Barn Owl. Gary Jones @  Walksnwildlife

I had the pleasure of watching two Barn Owl hunting together today at Cockersands.

Thanks to Jan for the header Black-tailed Godwits and Spotted Redshank, and to Gary - also on Facebook - for the Barn Owl, much appreciated.     

Thursday, 11 February 2016

Long Time No Birding.

A week out of birding is a long time for me, so it was good to be out again yesterday for the first time since last Wednesday, to take a closer look around the Lune Estuary. I didn't spend too much time at Conder Green and moved no further than the viewing platform at the pool, I wanted to get to Glasson Dock before the tide took over.

On Conder Pool, 6 Little Grebe, 4 Snipe, 2 Goosander, and a few Oystercatcher which were making a commotion piping loudly like spring was here. I called back to Conder Green five hours later to find the Spotted Redshank in the creeks and to have excellent views of a Barn Owl quartering the marsh.

On the Lune Estuary at Glasson Dock, an impressive c.1,500 Bar-tailed Godwit with a similar number of at least 1,500 Knot. The best count this winter was of 52 Goldeneye which upgraded the count of 34 made on Tuesday 2 February, also 2 Red-breasted Merganser. A Merlin and Peregrine Falcon were hunting the area whilst I was here, and up to 1,250 Pink-footed Geese were on Colloway Marsh. A Great-crested Grebe and 22 Tufted Duck were noted on the canal basin.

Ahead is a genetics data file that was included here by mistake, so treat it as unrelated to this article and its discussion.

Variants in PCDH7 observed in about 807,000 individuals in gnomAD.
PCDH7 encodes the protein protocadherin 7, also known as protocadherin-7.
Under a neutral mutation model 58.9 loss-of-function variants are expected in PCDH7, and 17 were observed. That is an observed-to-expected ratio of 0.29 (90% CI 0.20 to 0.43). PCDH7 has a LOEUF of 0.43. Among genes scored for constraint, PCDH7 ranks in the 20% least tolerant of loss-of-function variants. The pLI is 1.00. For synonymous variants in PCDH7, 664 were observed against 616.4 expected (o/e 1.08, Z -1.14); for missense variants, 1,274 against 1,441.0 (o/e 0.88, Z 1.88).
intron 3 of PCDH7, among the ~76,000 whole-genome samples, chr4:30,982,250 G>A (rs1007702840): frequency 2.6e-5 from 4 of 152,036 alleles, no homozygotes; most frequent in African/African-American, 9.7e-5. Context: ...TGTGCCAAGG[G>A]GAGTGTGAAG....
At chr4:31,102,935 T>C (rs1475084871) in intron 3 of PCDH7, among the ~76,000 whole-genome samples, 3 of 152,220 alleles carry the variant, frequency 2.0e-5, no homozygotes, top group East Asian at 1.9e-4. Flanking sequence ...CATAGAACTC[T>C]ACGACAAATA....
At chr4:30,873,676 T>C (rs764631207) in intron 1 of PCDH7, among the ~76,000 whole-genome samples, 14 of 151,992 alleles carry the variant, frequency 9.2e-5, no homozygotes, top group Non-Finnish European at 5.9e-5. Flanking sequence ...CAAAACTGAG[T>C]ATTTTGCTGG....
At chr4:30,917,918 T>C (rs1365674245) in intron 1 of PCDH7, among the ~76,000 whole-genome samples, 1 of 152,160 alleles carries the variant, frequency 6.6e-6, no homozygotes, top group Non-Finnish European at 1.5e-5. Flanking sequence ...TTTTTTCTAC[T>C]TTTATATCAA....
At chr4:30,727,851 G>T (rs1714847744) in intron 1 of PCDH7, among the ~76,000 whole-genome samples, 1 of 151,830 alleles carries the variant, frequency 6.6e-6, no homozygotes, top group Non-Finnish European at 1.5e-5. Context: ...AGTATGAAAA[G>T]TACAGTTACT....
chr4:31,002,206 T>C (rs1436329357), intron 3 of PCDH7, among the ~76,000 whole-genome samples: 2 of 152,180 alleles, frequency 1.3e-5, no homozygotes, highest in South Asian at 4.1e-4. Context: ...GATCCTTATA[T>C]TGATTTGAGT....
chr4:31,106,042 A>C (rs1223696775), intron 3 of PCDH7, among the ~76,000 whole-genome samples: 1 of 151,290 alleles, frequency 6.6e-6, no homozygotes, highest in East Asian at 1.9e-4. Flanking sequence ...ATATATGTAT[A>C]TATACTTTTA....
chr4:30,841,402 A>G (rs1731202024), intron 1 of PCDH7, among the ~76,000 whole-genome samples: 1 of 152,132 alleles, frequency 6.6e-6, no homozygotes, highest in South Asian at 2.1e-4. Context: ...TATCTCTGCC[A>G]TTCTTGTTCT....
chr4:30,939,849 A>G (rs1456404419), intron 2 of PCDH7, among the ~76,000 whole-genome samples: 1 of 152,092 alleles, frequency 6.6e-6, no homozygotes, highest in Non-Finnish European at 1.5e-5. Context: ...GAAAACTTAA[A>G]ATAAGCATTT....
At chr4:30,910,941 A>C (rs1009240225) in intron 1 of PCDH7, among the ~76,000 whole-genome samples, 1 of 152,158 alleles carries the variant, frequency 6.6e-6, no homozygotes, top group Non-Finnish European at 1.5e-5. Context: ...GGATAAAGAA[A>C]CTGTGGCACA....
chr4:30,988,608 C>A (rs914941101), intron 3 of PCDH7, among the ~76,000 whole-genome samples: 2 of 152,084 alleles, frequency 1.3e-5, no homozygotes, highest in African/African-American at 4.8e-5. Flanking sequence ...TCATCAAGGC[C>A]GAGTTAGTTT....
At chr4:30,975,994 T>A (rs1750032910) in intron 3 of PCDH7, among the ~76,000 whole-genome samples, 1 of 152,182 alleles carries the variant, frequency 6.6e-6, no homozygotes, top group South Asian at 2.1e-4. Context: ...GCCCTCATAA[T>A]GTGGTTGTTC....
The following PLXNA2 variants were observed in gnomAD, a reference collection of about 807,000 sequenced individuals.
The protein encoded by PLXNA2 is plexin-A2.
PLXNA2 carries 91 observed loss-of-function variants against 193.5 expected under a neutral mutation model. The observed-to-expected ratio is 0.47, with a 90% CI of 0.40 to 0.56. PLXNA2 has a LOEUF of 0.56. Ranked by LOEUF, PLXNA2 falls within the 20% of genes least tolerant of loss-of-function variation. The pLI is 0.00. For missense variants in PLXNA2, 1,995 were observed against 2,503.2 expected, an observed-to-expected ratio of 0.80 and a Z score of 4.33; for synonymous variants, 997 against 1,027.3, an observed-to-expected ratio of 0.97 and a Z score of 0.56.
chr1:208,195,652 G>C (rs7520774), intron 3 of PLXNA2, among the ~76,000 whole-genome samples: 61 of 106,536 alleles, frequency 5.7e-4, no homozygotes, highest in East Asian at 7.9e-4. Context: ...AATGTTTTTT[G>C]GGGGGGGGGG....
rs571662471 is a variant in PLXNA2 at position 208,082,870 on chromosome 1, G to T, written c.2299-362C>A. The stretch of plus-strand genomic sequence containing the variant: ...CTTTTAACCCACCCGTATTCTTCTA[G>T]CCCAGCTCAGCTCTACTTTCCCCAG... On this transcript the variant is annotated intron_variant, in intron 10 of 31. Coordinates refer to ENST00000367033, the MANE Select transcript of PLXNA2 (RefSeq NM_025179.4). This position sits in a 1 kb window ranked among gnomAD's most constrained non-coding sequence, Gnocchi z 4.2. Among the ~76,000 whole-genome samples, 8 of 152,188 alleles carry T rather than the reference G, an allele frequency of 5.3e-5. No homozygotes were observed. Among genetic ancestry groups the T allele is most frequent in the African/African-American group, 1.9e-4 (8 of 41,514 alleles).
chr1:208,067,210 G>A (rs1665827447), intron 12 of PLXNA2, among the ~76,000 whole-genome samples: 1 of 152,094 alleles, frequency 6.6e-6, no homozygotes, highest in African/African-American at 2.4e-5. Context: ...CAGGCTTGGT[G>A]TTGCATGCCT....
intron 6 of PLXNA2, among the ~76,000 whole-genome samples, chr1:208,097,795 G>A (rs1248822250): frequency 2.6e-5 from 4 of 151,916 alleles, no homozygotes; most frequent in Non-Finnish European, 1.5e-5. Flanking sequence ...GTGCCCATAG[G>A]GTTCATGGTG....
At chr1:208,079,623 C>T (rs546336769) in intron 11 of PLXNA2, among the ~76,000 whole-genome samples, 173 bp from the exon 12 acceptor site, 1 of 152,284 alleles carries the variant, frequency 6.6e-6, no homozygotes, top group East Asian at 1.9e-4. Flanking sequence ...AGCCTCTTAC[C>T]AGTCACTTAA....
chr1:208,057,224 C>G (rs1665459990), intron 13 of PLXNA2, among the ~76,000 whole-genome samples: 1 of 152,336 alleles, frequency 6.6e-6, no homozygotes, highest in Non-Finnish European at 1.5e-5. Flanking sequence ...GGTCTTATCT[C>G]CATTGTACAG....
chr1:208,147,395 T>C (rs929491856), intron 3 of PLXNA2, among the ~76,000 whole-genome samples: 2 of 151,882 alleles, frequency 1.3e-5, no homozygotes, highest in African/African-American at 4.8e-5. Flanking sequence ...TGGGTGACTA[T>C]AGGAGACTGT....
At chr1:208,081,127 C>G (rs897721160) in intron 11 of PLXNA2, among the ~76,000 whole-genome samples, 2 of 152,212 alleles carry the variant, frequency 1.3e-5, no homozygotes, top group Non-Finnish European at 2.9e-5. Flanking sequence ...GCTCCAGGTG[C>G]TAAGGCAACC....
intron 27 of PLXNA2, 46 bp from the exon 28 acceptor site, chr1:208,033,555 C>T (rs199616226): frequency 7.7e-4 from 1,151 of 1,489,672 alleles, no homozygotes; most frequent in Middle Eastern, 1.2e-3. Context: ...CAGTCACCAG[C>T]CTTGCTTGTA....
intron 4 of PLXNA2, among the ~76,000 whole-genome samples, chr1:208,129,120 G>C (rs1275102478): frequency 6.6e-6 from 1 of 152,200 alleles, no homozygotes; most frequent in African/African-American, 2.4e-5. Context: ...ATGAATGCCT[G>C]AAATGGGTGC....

From Moss Lane, 7 Bewick's Swan were in a field west of Gardners Farm at SD441543, and c.350 Whooper Swan were more obliging than of late grouped in fields south of Moss Lane, another 5 Whooper Swan were in the field and around the flood south of the Caravan Park, where at least 750 Curlew were seen again, with a single Bar-tailed Godwit, a few uncounted Redshank, 3 Little Egret and a Brown Hare. I could see up to 250 Curlew at Bank End from here roosting over the high tide.


Rock Pipit. Pete Woodruff.

Two Rock Pipit were on the tide wrack, and in and around Bank Houses horse paddock, 7 Blackbird, 6 Tree Sparrow, 2 Greenfinch, 2 Reed Bunting, a Robin, and a Sparrowhawk seen.


Turnstone. Pete Woodruff. 

On the headland, 65 Turnstone, with 2 Knot and a Dunlin had assembled here over the high tide. 

It was good to be back to see the birds of the Lune Estuary again today, with the excellent variety it has to offer, along with some impressive wader counts, and the peak of 52 Goldeneye.

Tuesday, 9 February 2016

The Curlew.

Curlew. Brian Rafferty.

I'm lucky enough to be amongst those who have heard the bubbling call of the Curlew when I've been on the moorlands of Bowland and beyond, a call which stays with you forever once heard. In the Curlews Latin name Numenius arquataNumenius means crescent moon which is the shape of the birds distinctive downturned bill.